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Medical pot, ethics and minimum wage boost get wins while Missouri voters douse gas tax

Medical pot, ethics and minimum wage boost get wins while Missouri voters douse gas tax

Election 2018 Gaming the Ballot

FILE - In this May 5, 2015 photo, marijuana plants grows at a Minnesota Medical Solutions greenhouse in Otsego, Minn. States where marijuana legalization measures on the ballot in November could help the turnout for Democratic candidates even if the measures themselves fizzle. (Glen Stubbe/Star Tribune via AP, File)

JEFFERSON CITY • Unofficial election returns Tuesday showed Missouri voters endorsing legalization of medical marijuana, an increase to the state’s minimum wage and an ethics package that is sure to rock the capital city’s power structure.

A measure to raise the state’s gasoline tax failed.

If the leads on medical marijuana, the minimum wage and ethics hold, Missouri voters will have in effect bypassed Missouri’s GOP-led Legislature on issues that lawmakers have not addressed for several years.

Of the three medical marijuana initiatives, Amendment 2, a constitutional change backed by the group New Approach Missouri, was winning with more than 65 percent of the vote with 99 percent of the ballots counted.

Two other medical marijuana questions — Amendment 3, largely self-funded by Springfield lawyer Dr. Brad Bradshaw; and Proposition C, backed by secret donors — were both failed.

Missouri voters were also backing an increase to the state’s minimum wage, with 62 percent of voters voicing support for the boost  with 99 percent of the votes tallied.

“Today’s strong show of support sends a clear message that Missourians believe that no one who works full time should have to live in poverty and struggle just to raise their family and that it is well past time to give low-wage Missouri workers a raise,” Carl Walz, campaign manager of Raise Up Missouri, which backed Proposition B, said in a statement.

Voters last approved a minimum wage increase in 2006. The question then contained a provision allowing for modest increases in sync with cost-of-living increases, but the minimum wage — currently $7.85 an hour — had not been raised by more than 15 cents since 2009.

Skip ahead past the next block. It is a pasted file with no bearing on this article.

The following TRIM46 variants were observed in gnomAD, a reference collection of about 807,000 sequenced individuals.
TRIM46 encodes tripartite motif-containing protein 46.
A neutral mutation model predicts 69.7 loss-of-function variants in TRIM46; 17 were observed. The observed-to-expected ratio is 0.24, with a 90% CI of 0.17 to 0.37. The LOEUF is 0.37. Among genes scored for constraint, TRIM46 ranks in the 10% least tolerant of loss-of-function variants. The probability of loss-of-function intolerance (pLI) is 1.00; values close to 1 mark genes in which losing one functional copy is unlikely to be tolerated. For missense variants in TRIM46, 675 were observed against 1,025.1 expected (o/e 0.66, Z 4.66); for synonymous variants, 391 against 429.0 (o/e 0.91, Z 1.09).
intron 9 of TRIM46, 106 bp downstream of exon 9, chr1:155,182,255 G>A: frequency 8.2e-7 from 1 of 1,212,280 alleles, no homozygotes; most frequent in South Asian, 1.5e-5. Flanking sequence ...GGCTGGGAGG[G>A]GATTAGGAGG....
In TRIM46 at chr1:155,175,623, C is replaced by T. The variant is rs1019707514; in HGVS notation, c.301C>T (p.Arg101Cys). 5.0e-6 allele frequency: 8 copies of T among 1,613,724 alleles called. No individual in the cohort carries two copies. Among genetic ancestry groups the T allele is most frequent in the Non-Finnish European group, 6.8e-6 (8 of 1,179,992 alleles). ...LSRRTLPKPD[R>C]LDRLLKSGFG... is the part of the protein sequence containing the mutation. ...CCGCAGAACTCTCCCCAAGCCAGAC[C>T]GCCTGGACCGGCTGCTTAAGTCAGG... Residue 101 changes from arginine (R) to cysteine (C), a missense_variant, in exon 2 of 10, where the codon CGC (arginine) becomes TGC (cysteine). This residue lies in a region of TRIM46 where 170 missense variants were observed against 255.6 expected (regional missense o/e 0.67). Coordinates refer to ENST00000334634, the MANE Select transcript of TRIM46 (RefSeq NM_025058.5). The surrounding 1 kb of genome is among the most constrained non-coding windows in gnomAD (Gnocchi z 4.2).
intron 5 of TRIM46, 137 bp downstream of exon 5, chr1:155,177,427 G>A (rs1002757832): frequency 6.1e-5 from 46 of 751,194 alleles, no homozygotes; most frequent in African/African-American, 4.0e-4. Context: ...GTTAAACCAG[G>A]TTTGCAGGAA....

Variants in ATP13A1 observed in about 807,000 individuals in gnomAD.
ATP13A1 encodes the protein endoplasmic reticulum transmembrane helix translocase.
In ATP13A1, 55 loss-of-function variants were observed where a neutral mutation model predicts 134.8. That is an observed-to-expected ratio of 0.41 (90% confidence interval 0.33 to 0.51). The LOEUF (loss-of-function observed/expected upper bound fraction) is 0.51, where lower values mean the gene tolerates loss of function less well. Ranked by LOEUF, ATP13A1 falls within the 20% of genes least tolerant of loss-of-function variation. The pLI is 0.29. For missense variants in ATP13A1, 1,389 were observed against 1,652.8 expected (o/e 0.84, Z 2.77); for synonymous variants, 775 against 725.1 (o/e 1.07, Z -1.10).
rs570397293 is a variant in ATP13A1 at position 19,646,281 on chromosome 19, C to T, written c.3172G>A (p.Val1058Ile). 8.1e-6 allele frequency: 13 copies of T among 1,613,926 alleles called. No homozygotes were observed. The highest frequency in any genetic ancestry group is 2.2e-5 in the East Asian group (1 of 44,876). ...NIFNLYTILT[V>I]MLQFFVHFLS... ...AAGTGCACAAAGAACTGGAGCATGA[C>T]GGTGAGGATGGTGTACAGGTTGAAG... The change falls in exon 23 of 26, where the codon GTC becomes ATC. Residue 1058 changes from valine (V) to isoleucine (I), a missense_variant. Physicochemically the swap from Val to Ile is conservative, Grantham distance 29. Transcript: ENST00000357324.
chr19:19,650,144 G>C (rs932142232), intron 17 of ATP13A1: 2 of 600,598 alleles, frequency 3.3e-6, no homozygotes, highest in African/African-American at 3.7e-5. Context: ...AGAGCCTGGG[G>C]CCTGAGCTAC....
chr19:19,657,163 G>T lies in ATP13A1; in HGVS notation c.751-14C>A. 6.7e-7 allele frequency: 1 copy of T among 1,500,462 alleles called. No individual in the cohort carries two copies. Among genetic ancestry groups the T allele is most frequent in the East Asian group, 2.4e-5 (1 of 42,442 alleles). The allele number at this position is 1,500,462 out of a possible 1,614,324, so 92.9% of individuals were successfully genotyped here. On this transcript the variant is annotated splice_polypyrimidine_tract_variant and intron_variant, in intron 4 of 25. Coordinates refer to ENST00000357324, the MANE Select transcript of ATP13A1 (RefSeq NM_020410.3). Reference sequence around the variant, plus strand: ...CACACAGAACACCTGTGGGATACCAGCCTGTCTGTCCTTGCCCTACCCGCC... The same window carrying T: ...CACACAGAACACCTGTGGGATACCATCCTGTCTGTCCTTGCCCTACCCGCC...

In approving Proposition B this year, Missouri’s wage is set to climb to $8.60 an hour next year, then increase 85 cents a year until it reaches $12 an hour in 2023.

A measure to raise the state’s gasoline tax had garnered only 46 percent support .

Scott Charton, a spokesman for the gas tax campaign, said that the election outcome was disappointing but that “the conversation about how to do better” regarding funding for roads and bridges could not end.

“The safety of Missourians and our economic future depend on it,” he said.

He said campaign officials were confident that the Missouri Department of Transportation would do the best it could with what it had “for safety and to take care of the system.”

“Election Day is over, but MoDOT still has a job to do,” he said. “That job is even more critical because the need for resources was real before Election Day, and that need remains.”

Under Proposition D, put on the ballot by the Legislature, the current 17-cents-a-gallon state tax would have increased 2.5 cents each year starting next July until it hit 27 cents in 2022.

Missouri Department of Transportation officials have said the purchasing power of the tax had eroded since 1996, when it was last increased.

Missouri’s state road network is among the most expansive in the country, while the state’s fuel tax is among the country’s lowest. Officials say the state has annual unmet transportation needs of $825 million a year.

The measure would have assigned a projected $123 million a year, when the tax increase was fully in effect, directly to cities and counties for local road and bridge improvements and $288 million to the Missouri Highway Patrol.

A Proposition D opponent, state Sen. Bill Eigel, R-Weldon Spring, said “the appetite among the people for additional taxes is just not there, even for things everyone agrees is” an appropriate governmental function — roads.

He said the Legislature should consider allocating to MoDOT some money from other current state revenue sources.

Despite an opposition campaign, Amendment 1 — or Clean Missouri — was winning about 62 percent of the vote .

Shortly before 10 p.m., Clean Missouri backers declared victory.

“We are thrilled that Republicans, Democrats and independents came together to clean up Missouri politics,” Nimrod “Rod” Chapel Jr., treasurer of Clean Missouri, said in a statement. “Thousands of Missourians from across the state came together to put Amendment 1 on the ballot, and then thousands more joined the fight to pass Amendment 1.”

The most controversial provision within the suite of ethics changes is a provision to revamp the way Missouri draws its state House and Senate districts. Under Amendment 1, a nonpartisan state demographer would have a role in drawing the maps.

Some black Democrats said the provision would reduce their representation in the Legislature. Republicans worry the map would be gerrymandered in favor of Democrats because of a “partisan fairness” provision.

Amendment 1 backers argued those concerns were overblown.

Other provisions include a requirement for legislators to adhere to the Sunshine Law, limits on lobbyist gifts, a legislator-to-lobbyist “cooling off” period and new campaign contribution limits.

Mark Schlinkmann of the Post-Dispatch contributed to this report.

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